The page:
Review: Tacoma

The walking simulator is a relatively modern genre for video games, one where story takes precedence over shooting stuff in the face, and with a great story these games can be powerful, showcasing just what the medium can do and lending credence to the growing art form of games.

My first experience with this was The Fullbright Company’s first game, Gone Home. It topped my game of the year list upon release and it’s themes have stuck with me ever since. When the developer announced its next game I was excited to say the least, and while Tacoma won’t stay with me the way Gone Home did, it is a great game in its own right.

Set aboard Lunar Transfer Station Tacoma, the game places you in the shoes of Amy, the person sent to investigate what happened on board and where exactly the crew have disappeared to. On paper, this makes it sound like a horror game, where some unknown alien menace has infested the station, but that is far from the truth. Tacoma connects you to the on board A.I via an augmented reality interface and from there the meat of the gameplay plays out.

‘Plays out’ is the right term here, as walking into certain rooms will net you a A.R. scene, recorded at some point before your character boarded the station. This could be as simple as one of the crew sat on their bunk playing guitar or as complex as a party where everyone is present. Watching these scenes delivers the story as to what happened to these people, but it also presents something games can struggle with: real lives.

The crew of the Tacoma are real people, they each have families, friends and pasts. They are struggling with something unique to them, which could be something to do with their family or their quest to do better in the gym. It’s brilliant because it makes you feel like the whole situation could be something that actually happens in real life, I got to the end and thought about the news reports that would show each crew member, and the people speculating on what is going on up there.

Unfortunately, while all this makes for a compelling and well paced game, it simply didn’t grab me in the way Gone Home did. That game's tale of a girl returning to her family home to find things aren’t as peachy as they might appear spoke to me on a fundamental level, and even four years on from it’s release I recommend it to people. I am fairly certain I won’t be doing the same with Tacoma.

Don’t get me wrong, it is a great game, and I suspect if this is your first attempt at a walking simulator then you might have a similar reaction to what I had with the developer's previous effort, I just wasn’t pulled into the world in the same way, though I will admit I was very happy and satisfied with the game's conclusion.

The good news is that the main set of characters are so diverse you are bound to find someone who speaks to you. For me it was the medic, Serah, a compelling character with a great back story, who is also dealing with a medical issue a little too familiar. Each character, each little vignette, pushes, compels you to seek out the next, not to complete the game but to find out what happened to these characters.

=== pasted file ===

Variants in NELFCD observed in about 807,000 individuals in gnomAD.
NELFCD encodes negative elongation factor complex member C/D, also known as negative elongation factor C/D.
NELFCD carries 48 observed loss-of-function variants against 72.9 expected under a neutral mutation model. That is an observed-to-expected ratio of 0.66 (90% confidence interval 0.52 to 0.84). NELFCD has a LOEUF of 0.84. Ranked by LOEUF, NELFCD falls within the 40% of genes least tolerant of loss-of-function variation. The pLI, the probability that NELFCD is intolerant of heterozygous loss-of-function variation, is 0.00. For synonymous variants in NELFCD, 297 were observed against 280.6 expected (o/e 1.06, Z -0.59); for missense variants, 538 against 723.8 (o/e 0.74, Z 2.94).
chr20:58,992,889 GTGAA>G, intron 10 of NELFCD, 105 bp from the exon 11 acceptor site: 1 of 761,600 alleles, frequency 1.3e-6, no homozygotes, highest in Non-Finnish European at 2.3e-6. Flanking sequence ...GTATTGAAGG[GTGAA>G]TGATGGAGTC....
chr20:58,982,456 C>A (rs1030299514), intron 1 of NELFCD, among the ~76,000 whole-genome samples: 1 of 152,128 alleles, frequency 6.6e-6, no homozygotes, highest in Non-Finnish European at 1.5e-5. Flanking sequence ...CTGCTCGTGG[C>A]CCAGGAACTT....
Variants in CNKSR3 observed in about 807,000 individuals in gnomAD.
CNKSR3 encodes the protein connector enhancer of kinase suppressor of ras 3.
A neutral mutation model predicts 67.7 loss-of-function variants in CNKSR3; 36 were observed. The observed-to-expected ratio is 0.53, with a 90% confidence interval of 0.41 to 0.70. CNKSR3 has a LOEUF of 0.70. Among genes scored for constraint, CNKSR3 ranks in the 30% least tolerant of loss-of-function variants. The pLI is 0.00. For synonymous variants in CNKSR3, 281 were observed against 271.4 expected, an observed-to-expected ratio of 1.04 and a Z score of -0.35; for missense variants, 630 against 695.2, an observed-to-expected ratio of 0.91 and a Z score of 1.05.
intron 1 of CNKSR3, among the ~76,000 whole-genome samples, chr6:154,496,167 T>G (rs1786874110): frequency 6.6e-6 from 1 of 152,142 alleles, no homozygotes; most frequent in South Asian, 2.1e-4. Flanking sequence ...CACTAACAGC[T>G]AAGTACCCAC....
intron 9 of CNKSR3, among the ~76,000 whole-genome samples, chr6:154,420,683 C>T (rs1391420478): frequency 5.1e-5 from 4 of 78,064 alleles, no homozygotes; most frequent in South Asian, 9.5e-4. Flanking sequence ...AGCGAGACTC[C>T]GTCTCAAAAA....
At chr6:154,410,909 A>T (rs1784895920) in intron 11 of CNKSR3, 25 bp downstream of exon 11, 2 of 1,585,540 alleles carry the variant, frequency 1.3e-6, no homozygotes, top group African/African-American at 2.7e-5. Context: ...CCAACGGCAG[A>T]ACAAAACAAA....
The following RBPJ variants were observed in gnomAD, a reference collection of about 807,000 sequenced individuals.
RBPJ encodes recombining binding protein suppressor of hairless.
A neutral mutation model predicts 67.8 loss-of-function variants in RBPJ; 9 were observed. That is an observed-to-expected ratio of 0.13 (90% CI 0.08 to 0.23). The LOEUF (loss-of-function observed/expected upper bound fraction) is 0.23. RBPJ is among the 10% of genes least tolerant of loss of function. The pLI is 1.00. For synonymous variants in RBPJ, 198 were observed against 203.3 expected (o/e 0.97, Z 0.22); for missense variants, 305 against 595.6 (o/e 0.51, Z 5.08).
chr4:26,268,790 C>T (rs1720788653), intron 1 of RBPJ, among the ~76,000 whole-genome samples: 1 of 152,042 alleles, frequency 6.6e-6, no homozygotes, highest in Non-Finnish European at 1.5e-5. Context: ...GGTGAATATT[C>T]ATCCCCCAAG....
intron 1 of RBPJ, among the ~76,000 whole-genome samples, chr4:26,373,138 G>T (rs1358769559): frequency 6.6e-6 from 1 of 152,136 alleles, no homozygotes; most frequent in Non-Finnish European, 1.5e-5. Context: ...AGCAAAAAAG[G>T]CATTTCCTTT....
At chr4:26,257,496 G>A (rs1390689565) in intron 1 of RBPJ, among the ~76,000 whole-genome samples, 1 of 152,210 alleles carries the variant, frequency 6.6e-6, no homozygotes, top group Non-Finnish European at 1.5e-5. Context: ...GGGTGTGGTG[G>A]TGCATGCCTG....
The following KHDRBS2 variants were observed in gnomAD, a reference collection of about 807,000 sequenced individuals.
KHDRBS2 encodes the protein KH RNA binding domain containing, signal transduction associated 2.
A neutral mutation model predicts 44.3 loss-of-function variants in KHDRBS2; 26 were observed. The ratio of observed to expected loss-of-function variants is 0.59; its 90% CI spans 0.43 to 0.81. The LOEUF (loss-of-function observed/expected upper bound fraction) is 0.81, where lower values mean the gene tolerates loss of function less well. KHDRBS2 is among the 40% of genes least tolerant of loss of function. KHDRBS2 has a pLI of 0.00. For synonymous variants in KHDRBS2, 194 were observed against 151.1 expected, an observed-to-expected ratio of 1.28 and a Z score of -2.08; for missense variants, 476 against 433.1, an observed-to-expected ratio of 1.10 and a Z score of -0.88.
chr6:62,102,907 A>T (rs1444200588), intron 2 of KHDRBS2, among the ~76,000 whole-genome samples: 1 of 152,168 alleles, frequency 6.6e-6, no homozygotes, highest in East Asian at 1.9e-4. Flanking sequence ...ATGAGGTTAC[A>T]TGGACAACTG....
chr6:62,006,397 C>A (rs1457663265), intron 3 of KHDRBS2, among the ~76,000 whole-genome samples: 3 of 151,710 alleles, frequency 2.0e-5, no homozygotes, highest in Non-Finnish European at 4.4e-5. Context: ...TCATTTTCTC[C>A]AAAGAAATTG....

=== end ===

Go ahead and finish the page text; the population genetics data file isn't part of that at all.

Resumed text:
I just wish I got into it more, and as strange as this might sound stupid from someone whose top ten movie list has eight sci-fi films on, but the sci-fi setting actually harms Tacoma. It puts it just a step out of reach, where other games in the genre I have played were all set in the modern day, it makes for the relatively mundane but compelling story to shine through.

The space station setting here means I spend more time looking out of windows and marveling at the artistic style that getting in touch with the story, and more time wanting to learn about the universe it resides in rather than getting to know all the characters.

Tacoma is a great game, it is well paced, has a great story and a great cast of characters. My issues with it stem from the setting, which doesn’t gel with the tale being told, however cleverly it might play out. If you are looking to try a game of this style, there are far worse options out there, and as previously stated it might well give you the same reaction I had with its predecessor.

It is a worthy follow up to a stunning game, only takes a couple of hours to complete, the perfect way to spend an evening.

Review: Doom (2016)

Ah DOOM. It is the game that changed so much. ID software’s seminal shooter, while not the first FPS on the market, was responsible for many’s first foray into modding, online multiplayer, hyper violence and the first person viewpoint. I remember playing it as a kid, and it remains one of my favourite games of all time, and the series has earned its place in gaming’s hall of fame.


The first two games are classics in the truest sense, games that at the time were revolutionary, gaining a following that endures to this day. The third game, DOOM 3, which came out ten years after the original, doesn’t hold quite as much reverence, with many citing it as the end times for the series.